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Pepper Roxas' Miniature World
Isabel "Pepper" Roxas takes you on a dreamlike tour of her world in her latest exhibit. Mysterious and beautiful, each miniature sculpture and painting is exquisitely and delicately crafted to perfection. Roxas tells us how she created her strange and wonderful world.
By: Raena Abella  |   Published on: May 19, 2009 - 8:01am
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Maude Marie and Other Curiosities by Pepper Roxas Until   May 30, 2009 20Square gallery 2/F YMC Bldg.II, 2320 Pasong Tamo Extension, Makati City. Gallery hours are from 10am - 7pm Monday to Friday, and 1 - 6pm on Saturday. For more information, call 816-0044 / (0905) 265-0873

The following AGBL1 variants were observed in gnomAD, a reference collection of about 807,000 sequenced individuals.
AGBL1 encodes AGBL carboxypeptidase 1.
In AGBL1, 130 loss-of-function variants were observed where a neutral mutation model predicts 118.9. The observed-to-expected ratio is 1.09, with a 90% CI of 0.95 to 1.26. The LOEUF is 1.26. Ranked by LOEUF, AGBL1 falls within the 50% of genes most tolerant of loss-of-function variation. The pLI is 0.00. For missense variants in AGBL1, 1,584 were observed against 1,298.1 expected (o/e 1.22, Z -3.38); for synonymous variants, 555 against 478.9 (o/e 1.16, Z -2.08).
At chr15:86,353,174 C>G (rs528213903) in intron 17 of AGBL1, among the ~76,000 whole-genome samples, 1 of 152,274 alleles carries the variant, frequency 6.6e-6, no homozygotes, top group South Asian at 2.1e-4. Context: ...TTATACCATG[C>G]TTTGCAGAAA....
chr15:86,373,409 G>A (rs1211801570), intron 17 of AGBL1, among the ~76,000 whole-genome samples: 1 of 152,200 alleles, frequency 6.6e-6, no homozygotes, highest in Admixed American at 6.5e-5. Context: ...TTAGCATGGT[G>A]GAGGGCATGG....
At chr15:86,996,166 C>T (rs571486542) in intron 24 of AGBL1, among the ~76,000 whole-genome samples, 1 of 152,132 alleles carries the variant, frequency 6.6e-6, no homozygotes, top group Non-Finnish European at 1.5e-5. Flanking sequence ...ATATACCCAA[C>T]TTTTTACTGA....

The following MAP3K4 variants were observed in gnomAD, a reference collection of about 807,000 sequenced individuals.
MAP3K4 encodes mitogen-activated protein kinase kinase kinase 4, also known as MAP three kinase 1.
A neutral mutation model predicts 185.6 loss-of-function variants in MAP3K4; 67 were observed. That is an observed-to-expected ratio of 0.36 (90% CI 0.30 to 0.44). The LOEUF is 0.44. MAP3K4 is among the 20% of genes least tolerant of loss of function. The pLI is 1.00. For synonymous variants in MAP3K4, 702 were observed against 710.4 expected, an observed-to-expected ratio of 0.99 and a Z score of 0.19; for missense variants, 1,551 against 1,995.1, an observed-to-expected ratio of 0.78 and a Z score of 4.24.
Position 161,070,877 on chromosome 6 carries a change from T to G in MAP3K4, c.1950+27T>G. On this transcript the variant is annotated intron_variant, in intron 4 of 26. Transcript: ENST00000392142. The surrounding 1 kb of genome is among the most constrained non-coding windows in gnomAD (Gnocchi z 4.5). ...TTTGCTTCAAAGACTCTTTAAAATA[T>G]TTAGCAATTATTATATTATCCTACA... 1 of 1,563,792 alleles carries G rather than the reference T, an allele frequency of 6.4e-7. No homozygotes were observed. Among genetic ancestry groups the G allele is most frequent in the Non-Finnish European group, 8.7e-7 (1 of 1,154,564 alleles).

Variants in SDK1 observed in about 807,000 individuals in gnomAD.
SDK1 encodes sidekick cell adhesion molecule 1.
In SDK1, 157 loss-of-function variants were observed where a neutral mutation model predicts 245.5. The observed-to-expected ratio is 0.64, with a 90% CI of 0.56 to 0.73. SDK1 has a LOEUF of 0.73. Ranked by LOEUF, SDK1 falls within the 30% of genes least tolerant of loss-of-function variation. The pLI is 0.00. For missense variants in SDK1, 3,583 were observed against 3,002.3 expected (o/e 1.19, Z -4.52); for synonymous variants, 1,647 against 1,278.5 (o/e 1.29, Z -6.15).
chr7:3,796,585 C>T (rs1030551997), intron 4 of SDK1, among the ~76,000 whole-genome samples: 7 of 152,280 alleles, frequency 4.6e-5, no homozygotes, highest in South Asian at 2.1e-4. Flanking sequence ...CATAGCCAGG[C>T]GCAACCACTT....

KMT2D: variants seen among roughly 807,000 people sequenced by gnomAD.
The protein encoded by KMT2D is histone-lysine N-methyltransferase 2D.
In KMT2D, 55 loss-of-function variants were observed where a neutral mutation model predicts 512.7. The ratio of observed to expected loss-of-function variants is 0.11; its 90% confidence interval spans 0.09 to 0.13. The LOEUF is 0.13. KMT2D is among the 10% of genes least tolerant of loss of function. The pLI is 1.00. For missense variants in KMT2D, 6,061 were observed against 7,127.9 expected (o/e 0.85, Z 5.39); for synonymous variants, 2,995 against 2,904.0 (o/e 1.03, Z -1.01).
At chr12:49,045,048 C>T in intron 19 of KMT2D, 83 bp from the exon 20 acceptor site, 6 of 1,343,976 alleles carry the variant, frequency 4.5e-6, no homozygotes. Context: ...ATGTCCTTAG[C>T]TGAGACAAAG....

Isabel "Pepper" Roxas takes you on a dreamlike tour of her world in her latest exhibit. Mysterious and beautiful, each miniature sculpture and painting is exquisitely and delicately crafted to perfection. Roxas tells us how she created her strange and wonderful world. Where did your ideas for "Maude Marie" come from? The show grew out of things I love and enjoy–visiting Natural History Museums, sifting through Edwardian and Victorian photographs, specimen cases, creepy tales by Dahl, Poe, Gorey and others. Sometimes my ideas come from my everyday experiences and all that I read. Maude&Marie for example, is a direct result of a visit to the deliciously macabre, Mütter Museum in Philly. Other times they come by courier Owl from an anonymous source. You're known for being a graphic designer and an illustrator. How did you make the transition to making sculptures? I used to work in 3D many years ago–mostly creating booth and window displays for the now defunct, and sorely missed bookstore, Young Minds. I came back to it because I participated in an all-female show called Superficial. Bru (of Electrolychee) had challenged us to create pieces that were different from what we normally did. I had just finished a squid painting for a solo show a few months earlier, and felt that I could still extend that narrative, so I made "Calamaria," a little creature who was half-girl, half-squid. I realized I enjoyed playing with so many textures, so now I've been creating more and more of these little sculptures. You're now based in New York City. How does the city affect your art? I think my work has gotten darker since I moved here. It may have something to do with the sewer rats–the pitter-patter of their little feet haunt my dreams. Most artists nowadays are fond of making huge art works, usually the bigger, the better. Are there any reasons why your pieces are uniquely small? I like the intimacy of creating these little pieces. Making them small is an invitation to lean in close, the way you do when someone wants to share a secret. What have you been working on lately? Future plans? I'm working on an environmental book for kids, new paper products, toys and hopefully, another show. Photos by Raena Abella.
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